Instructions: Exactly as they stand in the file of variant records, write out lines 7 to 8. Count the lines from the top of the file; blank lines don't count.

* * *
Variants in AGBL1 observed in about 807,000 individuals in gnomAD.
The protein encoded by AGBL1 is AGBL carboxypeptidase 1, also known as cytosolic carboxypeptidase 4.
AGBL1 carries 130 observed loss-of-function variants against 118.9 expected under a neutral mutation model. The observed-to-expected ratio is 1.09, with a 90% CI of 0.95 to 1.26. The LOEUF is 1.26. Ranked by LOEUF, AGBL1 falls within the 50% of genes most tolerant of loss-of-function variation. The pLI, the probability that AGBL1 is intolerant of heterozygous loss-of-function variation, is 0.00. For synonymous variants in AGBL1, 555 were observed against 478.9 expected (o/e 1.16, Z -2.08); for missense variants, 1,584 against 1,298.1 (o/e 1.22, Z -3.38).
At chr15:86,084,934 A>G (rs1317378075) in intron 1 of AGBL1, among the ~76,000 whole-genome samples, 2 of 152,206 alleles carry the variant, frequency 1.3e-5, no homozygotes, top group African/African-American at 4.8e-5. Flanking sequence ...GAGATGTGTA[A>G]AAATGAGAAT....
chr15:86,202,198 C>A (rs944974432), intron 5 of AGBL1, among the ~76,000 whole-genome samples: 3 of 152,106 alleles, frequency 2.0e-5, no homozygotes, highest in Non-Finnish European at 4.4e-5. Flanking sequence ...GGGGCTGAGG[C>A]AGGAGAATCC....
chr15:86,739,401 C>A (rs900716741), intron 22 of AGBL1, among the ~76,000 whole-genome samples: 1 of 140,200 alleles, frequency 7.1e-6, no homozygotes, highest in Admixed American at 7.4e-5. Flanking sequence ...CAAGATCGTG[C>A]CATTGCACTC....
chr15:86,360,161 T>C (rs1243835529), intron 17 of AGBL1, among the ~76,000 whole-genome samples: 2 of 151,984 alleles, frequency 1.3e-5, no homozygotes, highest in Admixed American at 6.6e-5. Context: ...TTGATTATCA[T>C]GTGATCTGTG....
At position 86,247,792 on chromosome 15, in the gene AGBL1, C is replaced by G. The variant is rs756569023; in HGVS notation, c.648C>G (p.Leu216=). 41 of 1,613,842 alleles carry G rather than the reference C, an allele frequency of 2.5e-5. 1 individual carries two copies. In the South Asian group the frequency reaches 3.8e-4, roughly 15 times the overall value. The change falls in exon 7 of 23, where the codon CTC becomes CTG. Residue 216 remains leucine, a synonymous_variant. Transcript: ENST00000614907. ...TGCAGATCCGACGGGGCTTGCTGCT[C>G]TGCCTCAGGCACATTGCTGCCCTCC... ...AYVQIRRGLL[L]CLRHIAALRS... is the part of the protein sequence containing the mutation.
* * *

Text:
chr15:86,360,161 T>C (rs1243835529), intron 17 of AGBL1, among the ~76,000 whole-genome samples: 2 of 151,984 alleles, frequency 1.3e-5, no homozygotes, highest in Admixed American at 6.6e-5. Context: ...TTGATTATCA[T>C]GTGATCTGTG....
At position 86,247,792 on chromosome 15, in the gene AGBL1, C is replaced by G. The variant is rs756569023; in HGVS notation, c.648C>G (p.Leu216=). 41 of 1,613,842 alleles carry G rather than the reference C, an allele frequency of 2.5e-5. 1 individual carries two copies. In the South Asian group the frequency reaches 3.8e-4, roughly 15 times the overall value. The change falls in exon 7 of 23, where the codon CTC becomes CTG. Residue 216 remains leucine, a synonymous_variant. Transcript: ENST00000614907. ...TGCAGATCCGACGGGGCTTGCTGCT[C>G]TGCCTCAGGCACATTGCTGCCCTCC... ...AYVQIRRGLL[L]CLRHIAALRS... is the part of the protein sequence containing the mutation.